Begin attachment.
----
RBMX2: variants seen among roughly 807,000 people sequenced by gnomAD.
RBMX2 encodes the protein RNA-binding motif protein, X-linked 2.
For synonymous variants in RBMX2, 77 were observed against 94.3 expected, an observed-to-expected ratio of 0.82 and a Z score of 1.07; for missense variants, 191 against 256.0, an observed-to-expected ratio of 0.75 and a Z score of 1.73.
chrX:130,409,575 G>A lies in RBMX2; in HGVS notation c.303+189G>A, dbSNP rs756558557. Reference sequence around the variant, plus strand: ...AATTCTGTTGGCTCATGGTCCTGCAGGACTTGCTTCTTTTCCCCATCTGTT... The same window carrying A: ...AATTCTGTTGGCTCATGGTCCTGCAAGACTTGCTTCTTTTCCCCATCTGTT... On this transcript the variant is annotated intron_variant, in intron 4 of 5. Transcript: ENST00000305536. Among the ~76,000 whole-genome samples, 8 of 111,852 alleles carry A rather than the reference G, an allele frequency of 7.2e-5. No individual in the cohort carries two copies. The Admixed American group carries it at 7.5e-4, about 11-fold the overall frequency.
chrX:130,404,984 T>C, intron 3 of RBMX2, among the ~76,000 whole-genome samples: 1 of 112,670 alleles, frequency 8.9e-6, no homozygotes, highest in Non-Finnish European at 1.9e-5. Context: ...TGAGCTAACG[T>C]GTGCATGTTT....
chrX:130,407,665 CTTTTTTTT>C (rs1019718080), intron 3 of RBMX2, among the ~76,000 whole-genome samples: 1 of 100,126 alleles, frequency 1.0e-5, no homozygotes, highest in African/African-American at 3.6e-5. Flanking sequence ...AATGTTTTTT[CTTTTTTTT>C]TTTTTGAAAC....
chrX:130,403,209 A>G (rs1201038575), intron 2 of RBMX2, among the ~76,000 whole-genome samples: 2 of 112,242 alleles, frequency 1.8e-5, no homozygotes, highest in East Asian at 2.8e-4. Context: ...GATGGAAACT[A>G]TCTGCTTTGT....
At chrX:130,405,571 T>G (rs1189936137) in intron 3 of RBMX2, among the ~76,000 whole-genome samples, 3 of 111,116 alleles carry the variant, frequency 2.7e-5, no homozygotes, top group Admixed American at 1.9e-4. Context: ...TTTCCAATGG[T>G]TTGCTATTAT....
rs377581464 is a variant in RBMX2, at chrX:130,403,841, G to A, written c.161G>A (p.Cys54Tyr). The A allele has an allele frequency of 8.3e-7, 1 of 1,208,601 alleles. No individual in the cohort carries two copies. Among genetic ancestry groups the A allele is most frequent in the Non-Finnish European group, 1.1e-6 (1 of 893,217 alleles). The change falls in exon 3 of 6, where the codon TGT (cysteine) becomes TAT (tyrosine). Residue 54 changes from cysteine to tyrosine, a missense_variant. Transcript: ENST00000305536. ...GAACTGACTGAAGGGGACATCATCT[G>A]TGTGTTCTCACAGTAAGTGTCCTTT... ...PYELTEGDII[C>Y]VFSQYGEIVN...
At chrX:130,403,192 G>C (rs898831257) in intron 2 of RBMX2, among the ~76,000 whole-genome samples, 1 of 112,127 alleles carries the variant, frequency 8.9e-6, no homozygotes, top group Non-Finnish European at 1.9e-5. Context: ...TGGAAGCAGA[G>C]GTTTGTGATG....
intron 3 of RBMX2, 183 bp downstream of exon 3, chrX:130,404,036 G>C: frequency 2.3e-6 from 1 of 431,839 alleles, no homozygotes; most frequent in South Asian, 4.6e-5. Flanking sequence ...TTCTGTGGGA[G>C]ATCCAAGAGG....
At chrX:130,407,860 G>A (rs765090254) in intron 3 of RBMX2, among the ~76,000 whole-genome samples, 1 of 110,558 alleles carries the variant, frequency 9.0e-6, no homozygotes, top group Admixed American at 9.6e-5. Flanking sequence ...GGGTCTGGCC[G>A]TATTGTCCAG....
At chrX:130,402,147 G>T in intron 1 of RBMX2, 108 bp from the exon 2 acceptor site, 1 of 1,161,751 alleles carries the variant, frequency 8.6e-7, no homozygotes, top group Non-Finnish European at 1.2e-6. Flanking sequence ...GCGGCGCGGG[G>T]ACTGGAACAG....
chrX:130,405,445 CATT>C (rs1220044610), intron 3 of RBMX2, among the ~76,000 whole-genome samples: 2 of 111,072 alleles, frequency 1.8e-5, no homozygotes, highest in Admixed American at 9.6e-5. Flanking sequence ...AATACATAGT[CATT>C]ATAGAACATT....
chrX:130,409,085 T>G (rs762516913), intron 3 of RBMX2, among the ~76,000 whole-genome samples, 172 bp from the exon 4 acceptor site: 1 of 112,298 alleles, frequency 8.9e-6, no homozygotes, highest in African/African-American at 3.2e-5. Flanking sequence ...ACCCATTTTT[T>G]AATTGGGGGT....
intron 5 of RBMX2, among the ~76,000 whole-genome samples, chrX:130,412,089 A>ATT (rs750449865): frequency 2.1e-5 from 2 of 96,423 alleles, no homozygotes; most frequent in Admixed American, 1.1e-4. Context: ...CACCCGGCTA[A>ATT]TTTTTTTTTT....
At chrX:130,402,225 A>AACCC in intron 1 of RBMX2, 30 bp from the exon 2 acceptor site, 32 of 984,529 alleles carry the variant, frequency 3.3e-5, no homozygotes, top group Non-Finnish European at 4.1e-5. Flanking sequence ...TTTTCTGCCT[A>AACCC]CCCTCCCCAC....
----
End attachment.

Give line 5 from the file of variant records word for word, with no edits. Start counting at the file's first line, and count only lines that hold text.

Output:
chrX:130,404,984 T>C, intron 3 of RBMX2, among the ~76,000 whole-genome samples: 1 of 112,670 alleles, frequency 8.9e-6, no homozygotes, highest in Non-Finnish European at 1.9e-5. Context: ...TGAGCTAACG[T>C]GTGCATGTTT....